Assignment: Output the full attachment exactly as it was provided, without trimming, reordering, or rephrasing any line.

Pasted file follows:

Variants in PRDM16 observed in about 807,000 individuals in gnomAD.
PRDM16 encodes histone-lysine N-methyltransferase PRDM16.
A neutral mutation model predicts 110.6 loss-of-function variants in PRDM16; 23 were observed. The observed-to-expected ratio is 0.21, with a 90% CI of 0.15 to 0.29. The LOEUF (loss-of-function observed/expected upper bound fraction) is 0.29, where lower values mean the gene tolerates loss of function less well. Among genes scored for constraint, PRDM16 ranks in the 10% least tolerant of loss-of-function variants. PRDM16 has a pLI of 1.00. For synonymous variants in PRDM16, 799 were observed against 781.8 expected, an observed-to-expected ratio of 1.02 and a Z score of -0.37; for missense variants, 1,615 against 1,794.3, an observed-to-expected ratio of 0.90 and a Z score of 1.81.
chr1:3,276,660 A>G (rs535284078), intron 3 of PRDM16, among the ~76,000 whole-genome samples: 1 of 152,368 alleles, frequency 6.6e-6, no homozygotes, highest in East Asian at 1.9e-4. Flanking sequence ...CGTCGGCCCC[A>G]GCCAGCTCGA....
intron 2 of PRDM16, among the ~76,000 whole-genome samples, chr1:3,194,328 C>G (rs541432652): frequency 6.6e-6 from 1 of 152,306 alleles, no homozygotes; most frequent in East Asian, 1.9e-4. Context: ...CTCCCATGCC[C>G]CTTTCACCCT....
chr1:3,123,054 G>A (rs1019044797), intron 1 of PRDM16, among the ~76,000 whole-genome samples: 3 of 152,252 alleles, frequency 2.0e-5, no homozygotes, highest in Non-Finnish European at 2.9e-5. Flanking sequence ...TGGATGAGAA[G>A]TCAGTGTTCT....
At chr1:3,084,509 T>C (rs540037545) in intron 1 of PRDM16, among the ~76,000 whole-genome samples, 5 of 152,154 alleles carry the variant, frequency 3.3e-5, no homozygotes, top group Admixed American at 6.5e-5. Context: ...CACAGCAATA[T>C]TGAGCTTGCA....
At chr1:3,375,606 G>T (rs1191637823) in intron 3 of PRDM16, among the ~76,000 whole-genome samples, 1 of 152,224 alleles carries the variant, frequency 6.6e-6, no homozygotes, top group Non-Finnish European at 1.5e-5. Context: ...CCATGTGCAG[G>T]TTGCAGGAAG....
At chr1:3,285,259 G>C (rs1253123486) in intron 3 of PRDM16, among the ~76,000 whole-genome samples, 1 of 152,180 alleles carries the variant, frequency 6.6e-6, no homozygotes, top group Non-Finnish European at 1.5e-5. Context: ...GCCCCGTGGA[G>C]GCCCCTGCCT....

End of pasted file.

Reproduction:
Variants in PRDM16 observed in about 807,000 individuals in gnomAD.
PRDM16 encodes histone-lysine N-methyltransferase PRDM16.
A neutral mutation model predicts 110.6 loss-of-function variants in PRDM16; 23 were observed. The observed-to-expected ratio is 0.21, with a 90% CI of 0.15 to 0.29. The LOEUF (loss-of-function observed/expected upper bound fraction) is 0.29, where lower values mean the gene tolerates loss of function less well. Among genes scored for constraint, PRDM16 ranks in the 10% least tolerant of loss-of-function variants. PRDM16 has a pLI of 1.00. For synonymous variants in PRDM16, 799 were observed against 781.8 expected, an observed-to-expected ratio of 1.02 and a Z score of -0.37; for missense variants, 1,615 against 1,794.3, an observed-to-expected ratio of 0.90 and a Z score of 1.81.
chr1:3,276,660 A>G (rs535284078), intron 3 of PRDM16, among the ~76,000 whole-genome samples: 1 of 152,368 alleles, frequency 6.6e-6, no homozygotes, highest in East Asian at 1.9e-4. Flanking sequence ...CGTCGGCCCC[A>G]GCCAGCTCGA....
intron 2 of PRDM16, among the ~76,000 whole-genome samples, chr1:3,194,328 C>G (rs541432652): frequency 6.6e-6 from 1 of 152,306 alleles, no homozygotes; most frequent in East Asian, 1.9e-4. Context: ...CTCCCATGCC[C>G]CTTTCACCCT....
chr1:3,123,054 G>A (rs1019044797), intron 1 of PRDM16, among the ~76,000 whole-genome samples: 3 of 152,252 alleles, frequency 2.0e-5, no homozygotes, highest in Non-Finnish European at 2.9e-5. Flanking sequence ...TGGATGAGAA[G>A]TCAGTGTTCT....
At chr1:3,084,509 T>C (rs540037545) in intron 1 of PRDM16, among the ~76,000 whole-genome samples, 5 of 152,154 alleles carry the variant, frequency 3.3e-5, no homozygotes, top group Admixed American at 6.5e-5. Context: ...CACAGCAATA[T>C]TGAGCTTGCA....
At chr1:3,375,606 G>T (rs1191637823) in intron 3 of PRDM16, among the ~76,000 whole-genome samples, 1 of 152,224 alleles carries the variant, frequency 6.6e-6, no homozygotes, top group Non-Finnish European at 1.5e-5. Context: ...CCATGTGCAG[G>T]TTGCAGGAAG....
At chr1:3,285,259 G>C (rs1253123486) in intron 3 of PRDM16, among the ~76,000 whole-genome samples, 1 of 152,180 alleles carries the variant, frequency 6.6e-6, no homozygotes, top group Non-Finnish European at 1.5e-5. Context: ...GCCCCGTGGA[G>C]GCCCCTGCCT....